In retrospect, it started with a comment made at a seminar I was attending. At the start of the session the facilitator asked people to share their intention for the day. One in particular, from a man I later came to know as Lawrence Katzman, struck me deeply enough that I wrote it down.
"My intention is to expand my universe of like-minded friends."
What a wonderful intention.
My seminar experience fulfilled Lawrence's (and my newfound) intention. I met people with whom I built connections, people who are already assisting me in reaching some of my goals, people who I have been able to assist in reaching their goals, and people who will probably be business collaborators. Not surprisingly, my spirit was lifted and my energy level soared - both during and after the event.
More recently I attended the conference for a professional organization I have been a part of for many years. Our conferences have been a great source of learning for me. However, as the nature of my business shifts over time, I have asked myself increasingly in recent years if this is a conference into which I should invest my time and money.
I thought about attending most carefully this year. I delayed my registration. I had many other things I could have used the time for. In the end, I went, in part, to fulfill some obligations to which I had committed.
All during my time there I was reminded of Lawrence's quote, and made it my intention as well - to expand my universe of like-minded friends. I succeeded in my intention. I also deepened my relationships with many long time friends who were there. Additionally, I developed what appears to be a new client!
Both of these events were meant to be an educational experience for me - I planned to learn new skills, ideas, and techniques. This happened in both events, but that wasn't what made either of them most valuable. What made them valuable were the connections I made with people. Like minded people. Like-minded friends.
Within the last week I have had the opportunity to serve my alma mater in two different capacities. I sit on the Advisory Board for the Department from which I received my degree. In a meeting there last week, Bruce MacKenzie, a fellow board member (and one of my professors) said that Purdue helps people succeed because it "Puts people in a position to make things happen."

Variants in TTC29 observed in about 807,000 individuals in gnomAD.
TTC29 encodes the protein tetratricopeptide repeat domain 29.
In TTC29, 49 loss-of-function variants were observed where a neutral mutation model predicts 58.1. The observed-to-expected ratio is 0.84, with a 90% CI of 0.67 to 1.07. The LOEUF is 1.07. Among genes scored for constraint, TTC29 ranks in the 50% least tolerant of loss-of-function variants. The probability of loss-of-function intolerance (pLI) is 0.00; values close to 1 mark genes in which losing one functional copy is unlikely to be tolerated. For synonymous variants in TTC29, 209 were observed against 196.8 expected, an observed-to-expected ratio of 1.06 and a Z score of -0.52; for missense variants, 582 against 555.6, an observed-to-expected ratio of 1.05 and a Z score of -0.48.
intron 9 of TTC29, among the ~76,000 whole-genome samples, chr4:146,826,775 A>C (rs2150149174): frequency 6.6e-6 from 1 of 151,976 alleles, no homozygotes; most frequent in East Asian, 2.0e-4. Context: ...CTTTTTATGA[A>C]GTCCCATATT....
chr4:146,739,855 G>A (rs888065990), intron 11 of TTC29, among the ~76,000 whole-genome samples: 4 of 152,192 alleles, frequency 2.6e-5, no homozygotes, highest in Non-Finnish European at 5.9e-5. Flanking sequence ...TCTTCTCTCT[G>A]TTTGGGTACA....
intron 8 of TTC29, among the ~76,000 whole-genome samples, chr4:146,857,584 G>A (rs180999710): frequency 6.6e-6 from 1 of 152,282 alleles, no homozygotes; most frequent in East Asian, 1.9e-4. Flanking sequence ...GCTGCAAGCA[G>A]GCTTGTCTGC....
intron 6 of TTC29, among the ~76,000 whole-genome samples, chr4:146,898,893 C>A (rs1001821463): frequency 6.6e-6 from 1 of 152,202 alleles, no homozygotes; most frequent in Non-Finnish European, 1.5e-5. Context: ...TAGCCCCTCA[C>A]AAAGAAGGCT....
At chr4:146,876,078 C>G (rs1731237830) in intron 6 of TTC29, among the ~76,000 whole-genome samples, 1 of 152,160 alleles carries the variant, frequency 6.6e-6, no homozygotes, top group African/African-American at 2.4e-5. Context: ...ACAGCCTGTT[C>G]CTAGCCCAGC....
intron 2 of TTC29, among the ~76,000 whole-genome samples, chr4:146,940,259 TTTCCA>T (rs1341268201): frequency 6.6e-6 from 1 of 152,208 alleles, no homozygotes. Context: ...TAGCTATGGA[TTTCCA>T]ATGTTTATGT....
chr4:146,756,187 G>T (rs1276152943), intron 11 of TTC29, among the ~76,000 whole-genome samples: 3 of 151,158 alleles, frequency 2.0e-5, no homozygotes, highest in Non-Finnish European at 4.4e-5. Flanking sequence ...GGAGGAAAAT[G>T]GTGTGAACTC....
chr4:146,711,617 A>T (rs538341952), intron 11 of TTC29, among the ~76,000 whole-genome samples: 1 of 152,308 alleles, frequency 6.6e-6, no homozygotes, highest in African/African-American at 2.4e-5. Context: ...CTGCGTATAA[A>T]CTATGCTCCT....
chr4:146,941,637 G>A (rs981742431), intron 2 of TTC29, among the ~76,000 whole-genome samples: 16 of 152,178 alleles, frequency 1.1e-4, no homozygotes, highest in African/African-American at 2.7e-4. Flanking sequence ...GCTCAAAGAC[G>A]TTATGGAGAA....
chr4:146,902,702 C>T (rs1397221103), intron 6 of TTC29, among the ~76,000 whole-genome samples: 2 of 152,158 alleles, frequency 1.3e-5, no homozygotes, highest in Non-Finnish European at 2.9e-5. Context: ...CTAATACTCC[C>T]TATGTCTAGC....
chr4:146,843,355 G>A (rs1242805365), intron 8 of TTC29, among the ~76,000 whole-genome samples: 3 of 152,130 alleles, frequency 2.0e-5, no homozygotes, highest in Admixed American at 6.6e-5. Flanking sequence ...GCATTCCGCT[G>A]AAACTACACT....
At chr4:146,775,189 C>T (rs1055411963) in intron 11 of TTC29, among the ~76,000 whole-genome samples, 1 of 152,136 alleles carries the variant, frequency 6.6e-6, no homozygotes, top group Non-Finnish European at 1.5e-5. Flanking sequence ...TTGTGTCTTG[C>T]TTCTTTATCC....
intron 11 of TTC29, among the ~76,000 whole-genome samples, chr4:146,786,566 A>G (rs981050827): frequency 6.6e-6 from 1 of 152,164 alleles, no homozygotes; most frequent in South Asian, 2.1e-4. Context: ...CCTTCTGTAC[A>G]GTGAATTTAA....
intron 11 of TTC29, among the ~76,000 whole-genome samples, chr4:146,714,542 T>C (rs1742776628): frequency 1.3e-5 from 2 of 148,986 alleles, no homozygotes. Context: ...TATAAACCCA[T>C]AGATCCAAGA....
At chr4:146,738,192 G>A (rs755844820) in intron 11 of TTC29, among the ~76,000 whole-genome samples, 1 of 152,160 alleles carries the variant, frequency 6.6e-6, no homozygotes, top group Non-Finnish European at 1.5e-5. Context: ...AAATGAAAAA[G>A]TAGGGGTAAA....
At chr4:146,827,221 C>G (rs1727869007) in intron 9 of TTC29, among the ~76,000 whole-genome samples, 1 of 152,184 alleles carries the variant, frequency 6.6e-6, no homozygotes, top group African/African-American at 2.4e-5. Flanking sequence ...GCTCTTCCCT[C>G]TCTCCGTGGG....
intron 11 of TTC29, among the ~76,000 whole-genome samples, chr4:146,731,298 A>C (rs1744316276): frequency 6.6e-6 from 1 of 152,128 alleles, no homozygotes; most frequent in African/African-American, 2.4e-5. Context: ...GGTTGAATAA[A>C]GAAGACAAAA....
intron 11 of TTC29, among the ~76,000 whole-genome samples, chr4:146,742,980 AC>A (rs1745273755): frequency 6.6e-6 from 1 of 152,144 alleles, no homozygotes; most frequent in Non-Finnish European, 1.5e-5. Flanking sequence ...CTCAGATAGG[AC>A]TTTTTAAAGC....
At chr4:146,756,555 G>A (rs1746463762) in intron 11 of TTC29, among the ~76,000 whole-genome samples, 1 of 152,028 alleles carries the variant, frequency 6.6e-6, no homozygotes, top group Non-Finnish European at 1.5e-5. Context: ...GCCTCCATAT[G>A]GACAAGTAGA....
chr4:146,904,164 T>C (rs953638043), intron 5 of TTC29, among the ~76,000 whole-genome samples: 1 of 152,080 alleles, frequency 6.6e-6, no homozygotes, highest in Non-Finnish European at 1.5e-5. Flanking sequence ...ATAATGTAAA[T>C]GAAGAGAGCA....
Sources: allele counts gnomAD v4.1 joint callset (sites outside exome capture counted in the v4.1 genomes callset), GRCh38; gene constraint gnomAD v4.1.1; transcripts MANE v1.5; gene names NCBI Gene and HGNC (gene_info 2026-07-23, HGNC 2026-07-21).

Then, this week I began chairing a committee to build a strategic plan for the Purdue Agricultural Alumni Association. In both of these meetings we talked about what makes our University special. The words used were culture, friendship, common goals and connection. As I drove home from the last of these meetings, all of this began to coalesce in my head - Like minded friends. Connections. Being in a position to make things happen.
The word that summed all of that up for me is Community.
As humans we have a need for community. Family is a community. Neighborhoods, religious and service organizations. Bowling and softball teams. In business now organizations are identifying "Communities of Practice" to allow people with a common professional skills to learn from each other. All of these groups can be communities.
I've been reminded of the importance of these communities over the past few weeks. This probably comes as no great revelation to you. If we see how important they can be then we can accept the responsibility for developing these communities for ourselves.
Does this mean we all need to join a Rotary or Garden Club? Probably not (though these and hundreds of other groups might be a part of your personal community building plan). One way to build communities in our lives is to create them. That means actively looking for opportunities to be with smart, fun, optimistic, creative, motivated (insert your own adjectives here) people.
Community can be created at a weekend conference or retreat. Community can emerge at your Optimist Club lunch or in your Sunday School class. Community can be seeded while standing in line for your table at a restaurant, or talking to the person in the next seat on the airplane.
Community can and does enrich our lives. Given that, as we expand or grow the communities in which we participate, we will flourish as individuals and be of greater service to others at the same time. Creating community is a conscious choice. It is about discovering like-minded people (friends!) and connecting with them. It is about carrying a spirit of collaboration and learning with you.
Take time this week to identify the communities you participate in. Ask yourself if they are feeding you and giving you a large enough opportunity to serve others as well. Perhaps this will lead you to make new choices about participating in some of your existing communities (or lead you to change how actively you participate in that community). Maybe this introspection will lead you to create new communities for yourself. Either way, it will be time well spent.
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